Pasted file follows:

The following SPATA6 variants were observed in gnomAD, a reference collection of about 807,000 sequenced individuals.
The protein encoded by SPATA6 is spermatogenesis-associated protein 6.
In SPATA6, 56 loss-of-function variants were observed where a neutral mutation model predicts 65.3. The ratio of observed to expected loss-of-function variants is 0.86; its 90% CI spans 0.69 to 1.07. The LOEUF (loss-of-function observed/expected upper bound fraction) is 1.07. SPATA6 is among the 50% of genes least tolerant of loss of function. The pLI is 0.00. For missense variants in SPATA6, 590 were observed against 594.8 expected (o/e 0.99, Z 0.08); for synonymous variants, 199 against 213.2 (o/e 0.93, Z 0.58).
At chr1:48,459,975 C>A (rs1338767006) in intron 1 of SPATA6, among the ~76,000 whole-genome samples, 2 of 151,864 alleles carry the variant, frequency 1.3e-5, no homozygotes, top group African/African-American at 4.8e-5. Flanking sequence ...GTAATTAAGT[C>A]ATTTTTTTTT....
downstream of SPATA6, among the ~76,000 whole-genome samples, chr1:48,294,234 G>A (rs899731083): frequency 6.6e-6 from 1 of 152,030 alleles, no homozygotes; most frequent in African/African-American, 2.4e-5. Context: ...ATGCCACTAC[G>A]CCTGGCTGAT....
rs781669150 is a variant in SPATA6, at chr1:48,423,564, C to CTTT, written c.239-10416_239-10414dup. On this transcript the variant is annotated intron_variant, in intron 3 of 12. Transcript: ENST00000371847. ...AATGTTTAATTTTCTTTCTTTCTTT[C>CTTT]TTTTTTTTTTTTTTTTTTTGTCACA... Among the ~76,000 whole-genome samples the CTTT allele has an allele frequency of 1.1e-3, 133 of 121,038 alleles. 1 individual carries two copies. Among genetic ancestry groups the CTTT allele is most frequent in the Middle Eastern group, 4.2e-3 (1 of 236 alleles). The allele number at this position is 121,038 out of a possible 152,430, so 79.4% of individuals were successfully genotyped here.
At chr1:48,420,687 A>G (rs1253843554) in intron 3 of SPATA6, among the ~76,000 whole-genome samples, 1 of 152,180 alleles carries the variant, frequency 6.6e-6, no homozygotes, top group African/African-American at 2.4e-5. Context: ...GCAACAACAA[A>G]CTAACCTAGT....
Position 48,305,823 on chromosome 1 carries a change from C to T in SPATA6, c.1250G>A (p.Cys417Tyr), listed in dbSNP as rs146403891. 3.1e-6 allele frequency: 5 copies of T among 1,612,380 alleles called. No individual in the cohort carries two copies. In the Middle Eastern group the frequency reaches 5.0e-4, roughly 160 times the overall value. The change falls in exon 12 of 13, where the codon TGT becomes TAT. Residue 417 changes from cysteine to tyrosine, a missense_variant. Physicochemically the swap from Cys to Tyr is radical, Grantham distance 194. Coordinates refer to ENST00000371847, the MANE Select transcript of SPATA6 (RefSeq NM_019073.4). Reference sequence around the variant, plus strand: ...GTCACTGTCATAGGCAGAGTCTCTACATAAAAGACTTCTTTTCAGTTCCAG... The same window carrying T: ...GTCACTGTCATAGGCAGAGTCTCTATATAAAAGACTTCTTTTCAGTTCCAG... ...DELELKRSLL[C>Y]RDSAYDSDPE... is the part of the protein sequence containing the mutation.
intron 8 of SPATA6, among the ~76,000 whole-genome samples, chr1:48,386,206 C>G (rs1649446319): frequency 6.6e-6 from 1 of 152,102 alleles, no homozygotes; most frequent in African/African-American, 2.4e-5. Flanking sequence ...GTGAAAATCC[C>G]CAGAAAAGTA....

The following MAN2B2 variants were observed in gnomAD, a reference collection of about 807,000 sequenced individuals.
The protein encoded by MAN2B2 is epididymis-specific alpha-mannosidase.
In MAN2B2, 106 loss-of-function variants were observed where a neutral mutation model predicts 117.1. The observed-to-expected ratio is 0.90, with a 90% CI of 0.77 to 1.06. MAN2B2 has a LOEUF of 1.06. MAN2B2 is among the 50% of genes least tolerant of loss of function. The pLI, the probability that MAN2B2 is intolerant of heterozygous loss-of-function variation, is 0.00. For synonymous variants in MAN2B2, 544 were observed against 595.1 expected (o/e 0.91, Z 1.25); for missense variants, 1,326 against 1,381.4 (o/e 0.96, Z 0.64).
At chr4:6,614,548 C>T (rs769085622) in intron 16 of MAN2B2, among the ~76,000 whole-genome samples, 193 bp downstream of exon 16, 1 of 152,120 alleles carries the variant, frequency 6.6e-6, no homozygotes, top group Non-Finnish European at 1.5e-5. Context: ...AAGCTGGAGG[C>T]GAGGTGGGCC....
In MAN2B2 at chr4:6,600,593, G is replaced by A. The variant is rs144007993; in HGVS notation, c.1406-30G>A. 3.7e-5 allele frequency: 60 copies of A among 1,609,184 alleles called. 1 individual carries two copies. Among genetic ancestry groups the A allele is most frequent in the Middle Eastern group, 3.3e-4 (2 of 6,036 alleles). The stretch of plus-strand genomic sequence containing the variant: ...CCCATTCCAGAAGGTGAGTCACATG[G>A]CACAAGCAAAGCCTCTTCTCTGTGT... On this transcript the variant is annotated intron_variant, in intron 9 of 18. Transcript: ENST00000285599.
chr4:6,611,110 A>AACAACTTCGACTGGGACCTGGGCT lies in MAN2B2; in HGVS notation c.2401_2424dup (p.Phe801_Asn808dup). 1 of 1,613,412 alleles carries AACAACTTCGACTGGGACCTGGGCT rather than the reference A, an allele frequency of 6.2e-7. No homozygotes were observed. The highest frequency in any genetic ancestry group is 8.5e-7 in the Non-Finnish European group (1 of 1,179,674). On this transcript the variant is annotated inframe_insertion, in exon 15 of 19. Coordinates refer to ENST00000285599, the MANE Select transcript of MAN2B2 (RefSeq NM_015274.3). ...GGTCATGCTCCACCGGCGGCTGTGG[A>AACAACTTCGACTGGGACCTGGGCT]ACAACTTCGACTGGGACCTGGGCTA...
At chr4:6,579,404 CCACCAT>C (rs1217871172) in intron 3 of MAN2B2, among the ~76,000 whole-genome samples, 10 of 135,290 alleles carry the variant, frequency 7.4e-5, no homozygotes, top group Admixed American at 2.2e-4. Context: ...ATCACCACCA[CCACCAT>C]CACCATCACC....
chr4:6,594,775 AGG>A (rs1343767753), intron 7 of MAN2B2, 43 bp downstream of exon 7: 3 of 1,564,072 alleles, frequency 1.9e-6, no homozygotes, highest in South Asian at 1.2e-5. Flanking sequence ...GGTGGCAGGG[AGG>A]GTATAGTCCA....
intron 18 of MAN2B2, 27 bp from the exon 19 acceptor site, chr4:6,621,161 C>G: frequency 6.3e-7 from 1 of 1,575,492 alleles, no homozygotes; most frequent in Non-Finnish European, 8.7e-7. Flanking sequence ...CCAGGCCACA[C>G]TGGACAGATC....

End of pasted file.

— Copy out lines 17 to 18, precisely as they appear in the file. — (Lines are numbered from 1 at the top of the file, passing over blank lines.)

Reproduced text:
chr4:6,594,775 AGG>A (rs1343767753), intron 7 of MAN2B2, 43 bp downstream of exon 7: 3 of 1,564,072 alleles, frequency 1.9e-6, no homozygotes, highest in South Asian at 1.2e-5. Flanking sequence ...GGTGGCAGGG[AGG>A]GTATAGTCCA....
intron 18 of MAN2B2, 27 bp from the exon 19 acceptor site, chr4:6,621,161 C>G: frequency 6.3e-7 from 1 of 1,575,492 alleles, no homozygotes; most frequent in Non-Finnish European, 8.7e-7. Flanking sequence ...CCAGGCCACA[C>G]TGGACAGATC....